Study Suggests Longer Maternity Leave Prevents Postpartum Depression
According to a new study, maternity leaves of at least six months can reduce new moms' risk for postpartum depression.
It’s just not possible for many new moms to take much time off after giving birth, but for those able to stretch their maternity leaves to at least six months, more time off from work could come with the added bonus of lowered risk for postpartum depression, according to a recent study from the University of Maryland School of Public Health.
Looking at health data from more than 800 women in first postpartum year, researchers say they found a direct relationship between the length of moms’ maternity leave and risk for postpartum depression: at six weeks, 12 weeks and six months after giving birth, women who had already returned to work had significantly higher postpartum depression scores compared to new moms still on maternity leave.
After six months? It was the reverse.
Risk of postpartum depression increased for moms still at home and began to drop among those returning to work. According to Dr. Rada K. Dagher, assistant professor of health services administration at the University of Maryland School of Public Health, lower rates of PPD in moms going back to work after six months, “May have to do with working women wanting to feel productive again, wanting to participate with their colleagues, and feeling that at home, they don’t have enough control over what they’re doing.”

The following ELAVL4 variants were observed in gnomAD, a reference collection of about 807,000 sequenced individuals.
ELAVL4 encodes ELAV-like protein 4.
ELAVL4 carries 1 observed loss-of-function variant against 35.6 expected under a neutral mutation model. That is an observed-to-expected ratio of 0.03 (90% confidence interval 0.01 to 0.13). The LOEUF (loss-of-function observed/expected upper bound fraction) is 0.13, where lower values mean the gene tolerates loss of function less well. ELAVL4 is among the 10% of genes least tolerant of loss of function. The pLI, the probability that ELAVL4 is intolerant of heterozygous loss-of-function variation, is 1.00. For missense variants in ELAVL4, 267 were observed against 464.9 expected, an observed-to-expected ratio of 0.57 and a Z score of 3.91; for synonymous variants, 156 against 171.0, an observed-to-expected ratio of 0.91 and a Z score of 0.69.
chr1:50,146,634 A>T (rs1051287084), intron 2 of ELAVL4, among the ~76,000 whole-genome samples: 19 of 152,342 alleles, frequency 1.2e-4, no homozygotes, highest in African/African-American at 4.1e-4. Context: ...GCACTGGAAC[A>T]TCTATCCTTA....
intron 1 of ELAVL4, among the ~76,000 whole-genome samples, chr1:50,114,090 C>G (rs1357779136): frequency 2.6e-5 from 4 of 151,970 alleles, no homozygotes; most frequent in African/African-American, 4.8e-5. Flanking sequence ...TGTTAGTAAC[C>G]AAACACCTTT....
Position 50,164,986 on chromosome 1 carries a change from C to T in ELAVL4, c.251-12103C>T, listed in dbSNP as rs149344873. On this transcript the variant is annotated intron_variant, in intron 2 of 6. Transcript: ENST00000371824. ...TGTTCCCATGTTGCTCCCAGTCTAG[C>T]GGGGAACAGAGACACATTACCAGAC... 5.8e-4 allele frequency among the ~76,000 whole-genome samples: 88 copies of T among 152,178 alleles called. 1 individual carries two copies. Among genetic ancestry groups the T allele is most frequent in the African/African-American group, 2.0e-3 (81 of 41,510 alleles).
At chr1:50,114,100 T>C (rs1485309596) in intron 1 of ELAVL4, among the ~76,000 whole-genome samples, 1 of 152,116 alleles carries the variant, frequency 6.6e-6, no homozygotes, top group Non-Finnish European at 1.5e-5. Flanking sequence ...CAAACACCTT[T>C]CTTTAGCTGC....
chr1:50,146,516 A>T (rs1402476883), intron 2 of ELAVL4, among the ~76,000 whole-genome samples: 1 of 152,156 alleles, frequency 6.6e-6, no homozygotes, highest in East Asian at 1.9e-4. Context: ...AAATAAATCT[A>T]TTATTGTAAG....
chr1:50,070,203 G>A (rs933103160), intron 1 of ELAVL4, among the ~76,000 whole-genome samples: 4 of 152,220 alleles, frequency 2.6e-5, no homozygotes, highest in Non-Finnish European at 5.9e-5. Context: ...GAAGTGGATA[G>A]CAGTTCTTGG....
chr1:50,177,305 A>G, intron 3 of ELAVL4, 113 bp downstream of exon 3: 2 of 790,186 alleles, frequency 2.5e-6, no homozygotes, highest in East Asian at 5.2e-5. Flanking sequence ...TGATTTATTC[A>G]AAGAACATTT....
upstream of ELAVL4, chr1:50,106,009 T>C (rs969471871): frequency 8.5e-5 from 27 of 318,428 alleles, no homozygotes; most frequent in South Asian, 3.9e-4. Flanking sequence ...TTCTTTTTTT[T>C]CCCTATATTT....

If the findings in this study are true, it could be one more reason why serious re-thinking of maternity leave coverage is so desperately needed in the United States. Currently, most working moms head back to work three months after giving birth. The study showed this: 7 percent of the mothers were back to work by six weeks, 46 percent by 12 weeks and 87 percent by six months. One of the main reasons why so many moms decide on three months is because the Family and Medical Leave Act allows women up to 12 unpaid weeks leave without a risk of losing their job or benefits. Is it time to raise this to 24 weeks (6 months)?
There’s another reason why this study interested me, and it has to do with those women fortunate enough to take longer maternity leaves. As a group, these moms may be less likely to develop PPD, but that still doesn’t mean taking six or more months off from work is some kind of vaccine against depression.
I know this from firsthand experience. I was a teacher when my first daughter was born and with summer vacation added in, I was able to stretch my maternity leave to a total of 10 months. I thought it would be smooth sailing going back, but dealing with my daughter’s extreme separation anxiety at daycare drop-off, ending breastfeeding, sleepless nights, and work stress were more than enough to trigger symptoms that I clearly recognize now as postpartum depression.
PPD can happen anytime during a mom’s first year after giving birth, and I believe it. As we go about trying to find ways to better support new moms, maternity leave length is one issue to seriously take into consideration, along with so many more.
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